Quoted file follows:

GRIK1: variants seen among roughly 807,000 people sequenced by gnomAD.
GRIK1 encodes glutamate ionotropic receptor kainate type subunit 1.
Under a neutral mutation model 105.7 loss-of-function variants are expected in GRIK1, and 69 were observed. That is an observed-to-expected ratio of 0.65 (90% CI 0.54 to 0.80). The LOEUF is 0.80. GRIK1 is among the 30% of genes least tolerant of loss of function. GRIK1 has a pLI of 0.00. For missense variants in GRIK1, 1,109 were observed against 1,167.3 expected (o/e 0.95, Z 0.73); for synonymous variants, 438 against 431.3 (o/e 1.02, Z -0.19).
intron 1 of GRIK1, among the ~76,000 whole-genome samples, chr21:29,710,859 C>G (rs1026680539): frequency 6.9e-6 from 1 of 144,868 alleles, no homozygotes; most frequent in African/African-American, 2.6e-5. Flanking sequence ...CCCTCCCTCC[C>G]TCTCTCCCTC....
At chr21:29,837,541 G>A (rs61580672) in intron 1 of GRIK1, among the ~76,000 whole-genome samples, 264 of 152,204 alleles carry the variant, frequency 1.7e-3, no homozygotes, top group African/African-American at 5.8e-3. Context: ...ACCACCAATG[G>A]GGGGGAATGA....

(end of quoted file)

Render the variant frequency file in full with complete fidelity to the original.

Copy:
GRIK1: variants seen among roughly 807,000 people sequenced by gnomAD.
GRIK1 encodes glutamate ionotropic receptor kainate type subunit 1.
Under a neutral mutation model 105.7 loss-of-function variants are expected in GRIK1, and 69 were observed. That is an observed-to-expected ratio of 0.65 (90% CI 0.54 to 0.80). The LOEUF is 0.80. GRIK1 is among the 30% of genes least tolerant of loss of function. GRIK1 has a pLI of 0.00. For missense variants in GRIK1, 1,109 were observed against 1,167.3 expected (o/e 0.95, Z 0.73); for synonymous variants, 438 against 431.3 (o/e 1.02, Z -0.19).
intron 1 of GRIK1, among the ~76,000 whole-genome samples, chr21:29,710,859 C>G (rs1026680539): frequency 6.9e-6 from 1 of 144,868 alleles, no homozygotes; most frequent in African/African-American, 2.6e-5. Flanking sequence ...CCCTCCCTCC[C>G]TCTCTCCCTC....
At chr21:29,837,541 G>A (rs61580672) in intron 1 of GRIK1, among the ~76,000 whole-genome samples, 264 of 152,204 alleles carry the variant, frequency 1.7e-3, no homozygotes, top group African/African-American at 5.8e-3. Context: ...ACCACCAATG[G>A]GGGGGAATGA....